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Come and I will advise you what these people will do to your people in the end of the days (Bamidbar 24:14).
In the Torah we find only two people who prophesized about the end of the days. They are Yaakov and Bilaam. With regard to Yaakov the posuk says, “Yaakov called for his sons and said assemble yourselves and I will tell you what will befall you at the end of the days,” (Bereishis 49: 1). With regard to Bilaam the posuk says “Come and I will advise you [what to do to these people and] what these people will do to your people in the end of the days (Bamidbar 24:14, see Rashi and Targum). It is noteworthy the contrast of expression used to describe the “end of the days” by both Yaakov and Bilaam. Yaakov described the end of the days with an emphasis on what will happen specifically to the Jewish people. Indeed the posukim proceed to enumerate Yaakov’s spiritual blessings to his children and their descendents that will fully mature at the end of the days. In contrast, Bilaam’s emphasis was on what the Jewish people will do to the nations of world. Bilaam’s prophesy described the military might and conquest of the Jewish people at the time of the end of the days.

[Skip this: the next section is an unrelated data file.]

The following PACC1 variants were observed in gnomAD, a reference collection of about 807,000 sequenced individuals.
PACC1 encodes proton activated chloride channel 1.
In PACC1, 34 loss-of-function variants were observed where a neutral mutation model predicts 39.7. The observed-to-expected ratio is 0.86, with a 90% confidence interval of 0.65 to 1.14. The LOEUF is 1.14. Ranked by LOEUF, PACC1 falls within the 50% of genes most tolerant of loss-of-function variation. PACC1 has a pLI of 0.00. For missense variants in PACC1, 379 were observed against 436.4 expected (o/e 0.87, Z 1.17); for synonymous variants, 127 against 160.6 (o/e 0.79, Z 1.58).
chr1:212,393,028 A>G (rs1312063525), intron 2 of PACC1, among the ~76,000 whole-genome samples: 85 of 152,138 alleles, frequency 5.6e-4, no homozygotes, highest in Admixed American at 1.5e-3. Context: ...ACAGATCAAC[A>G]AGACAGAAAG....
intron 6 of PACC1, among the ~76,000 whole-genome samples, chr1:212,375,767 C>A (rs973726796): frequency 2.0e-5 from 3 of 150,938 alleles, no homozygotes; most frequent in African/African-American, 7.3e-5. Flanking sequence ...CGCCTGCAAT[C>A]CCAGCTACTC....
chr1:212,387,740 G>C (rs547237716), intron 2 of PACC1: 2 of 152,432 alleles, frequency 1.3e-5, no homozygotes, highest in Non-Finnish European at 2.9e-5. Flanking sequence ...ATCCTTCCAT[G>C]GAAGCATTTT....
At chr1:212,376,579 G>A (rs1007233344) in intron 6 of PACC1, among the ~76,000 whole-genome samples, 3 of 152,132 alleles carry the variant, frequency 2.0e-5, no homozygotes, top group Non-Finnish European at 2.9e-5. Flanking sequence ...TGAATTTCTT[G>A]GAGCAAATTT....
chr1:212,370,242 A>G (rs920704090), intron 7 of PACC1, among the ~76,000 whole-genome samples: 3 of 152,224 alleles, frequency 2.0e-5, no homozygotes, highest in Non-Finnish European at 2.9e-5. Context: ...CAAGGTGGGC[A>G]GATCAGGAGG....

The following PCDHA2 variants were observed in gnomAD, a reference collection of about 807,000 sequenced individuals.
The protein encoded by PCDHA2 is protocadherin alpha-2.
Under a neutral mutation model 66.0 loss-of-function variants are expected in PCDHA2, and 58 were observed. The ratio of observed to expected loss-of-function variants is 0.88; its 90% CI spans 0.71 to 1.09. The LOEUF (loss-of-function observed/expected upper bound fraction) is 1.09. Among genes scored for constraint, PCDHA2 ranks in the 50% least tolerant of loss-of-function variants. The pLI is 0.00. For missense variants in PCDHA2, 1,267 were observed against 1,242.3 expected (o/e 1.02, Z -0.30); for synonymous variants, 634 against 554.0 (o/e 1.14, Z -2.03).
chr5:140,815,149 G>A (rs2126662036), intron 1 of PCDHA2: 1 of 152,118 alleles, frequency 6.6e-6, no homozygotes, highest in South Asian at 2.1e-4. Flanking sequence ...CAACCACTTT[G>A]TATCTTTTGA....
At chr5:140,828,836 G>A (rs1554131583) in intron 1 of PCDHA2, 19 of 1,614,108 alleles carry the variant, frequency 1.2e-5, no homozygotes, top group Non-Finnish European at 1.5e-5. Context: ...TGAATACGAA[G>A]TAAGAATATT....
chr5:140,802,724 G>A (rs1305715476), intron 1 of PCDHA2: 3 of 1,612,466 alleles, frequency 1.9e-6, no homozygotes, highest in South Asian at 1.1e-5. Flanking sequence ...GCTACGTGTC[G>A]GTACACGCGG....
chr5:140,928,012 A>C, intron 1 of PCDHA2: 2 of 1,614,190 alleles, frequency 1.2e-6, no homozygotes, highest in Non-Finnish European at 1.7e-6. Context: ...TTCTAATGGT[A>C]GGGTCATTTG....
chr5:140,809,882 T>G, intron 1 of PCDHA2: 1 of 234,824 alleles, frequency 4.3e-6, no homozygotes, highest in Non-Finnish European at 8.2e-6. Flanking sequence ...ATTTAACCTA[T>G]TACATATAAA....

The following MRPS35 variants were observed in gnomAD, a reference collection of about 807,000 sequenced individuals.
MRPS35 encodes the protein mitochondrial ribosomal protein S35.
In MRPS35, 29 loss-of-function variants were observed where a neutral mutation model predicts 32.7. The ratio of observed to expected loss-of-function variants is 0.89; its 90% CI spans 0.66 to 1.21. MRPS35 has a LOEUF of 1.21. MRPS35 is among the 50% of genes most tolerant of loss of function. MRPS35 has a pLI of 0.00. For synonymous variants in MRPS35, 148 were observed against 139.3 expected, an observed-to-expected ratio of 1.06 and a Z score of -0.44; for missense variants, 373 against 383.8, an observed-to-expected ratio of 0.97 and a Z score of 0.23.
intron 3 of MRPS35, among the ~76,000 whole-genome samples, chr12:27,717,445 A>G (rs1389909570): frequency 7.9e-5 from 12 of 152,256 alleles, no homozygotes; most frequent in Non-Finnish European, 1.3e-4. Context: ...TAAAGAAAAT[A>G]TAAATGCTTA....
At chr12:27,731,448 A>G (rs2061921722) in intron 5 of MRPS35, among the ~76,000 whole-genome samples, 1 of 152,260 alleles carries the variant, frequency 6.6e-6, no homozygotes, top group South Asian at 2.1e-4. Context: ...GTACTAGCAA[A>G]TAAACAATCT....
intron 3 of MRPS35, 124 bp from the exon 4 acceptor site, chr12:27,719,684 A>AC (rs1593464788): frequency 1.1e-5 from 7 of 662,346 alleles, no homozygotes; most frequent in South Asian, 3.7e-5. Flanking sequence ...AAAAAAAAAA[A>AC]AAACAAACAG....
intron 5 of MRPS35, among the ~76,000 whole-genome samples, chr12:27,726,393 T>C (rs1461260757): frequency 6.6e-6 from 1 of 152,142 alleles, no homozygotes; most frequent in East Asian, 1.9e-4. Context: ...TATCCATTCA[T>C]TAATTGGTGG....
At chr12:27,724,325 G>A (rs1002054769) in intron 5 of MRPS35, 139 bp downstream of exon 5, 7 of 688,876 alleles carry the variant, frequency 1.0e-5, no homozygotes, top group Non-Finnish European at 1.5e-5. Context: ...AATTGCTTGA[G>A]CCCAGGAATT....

Hashem revealed to both Yaakov and Bilaam the same snapshot of the “end of the days,” yet they both saw something different. Yaakov saw the spirituality of the Jewish people whereas Bilaam saw the mundane physical and political prowess of the Jewish people. A person sees what he wants to see. Yaakov, a spiritual giant saw spirituality. Bilaam, a power hungry egomaniac saw power and honor.
Everyday we recite the shemah. The words of shemah are “Hear O’ Israel Hashem is our G-d, Hashem is one. The simple interpretation of this posuk is: Hashem who is recognized today only by the Jewish people as G-d of the world will ultimately be recognized by all of mankind as G-d. This will occur in the end of the days.
It is noteworthy that Yaakov was blind when he called together his children in order to reveal his vision of the end of the days and bless them. The posuk says and Yisroel’s (Yaakov) eyes were heavy with age, he could not see (Bereishis 48:10). On the other hand Bilaam boasted that his vision was with open eyes (Bamidbar 24:16).
It is customary to cover the eyes when reciting shemah. The simple reason given is so that we remove any distraction from our sight in order facilitate proper concentration. Homiletically we may suggest that we cover our eyes to indicate that when we recite the shemah and look forward to the coming of the end of the days, we embrace the spiritual perspective of Yaakov who was blind and not the mundane perspective of Bilaam who saw it with open eyes.
© Efraim Levine 5760/2000 - 5762/2002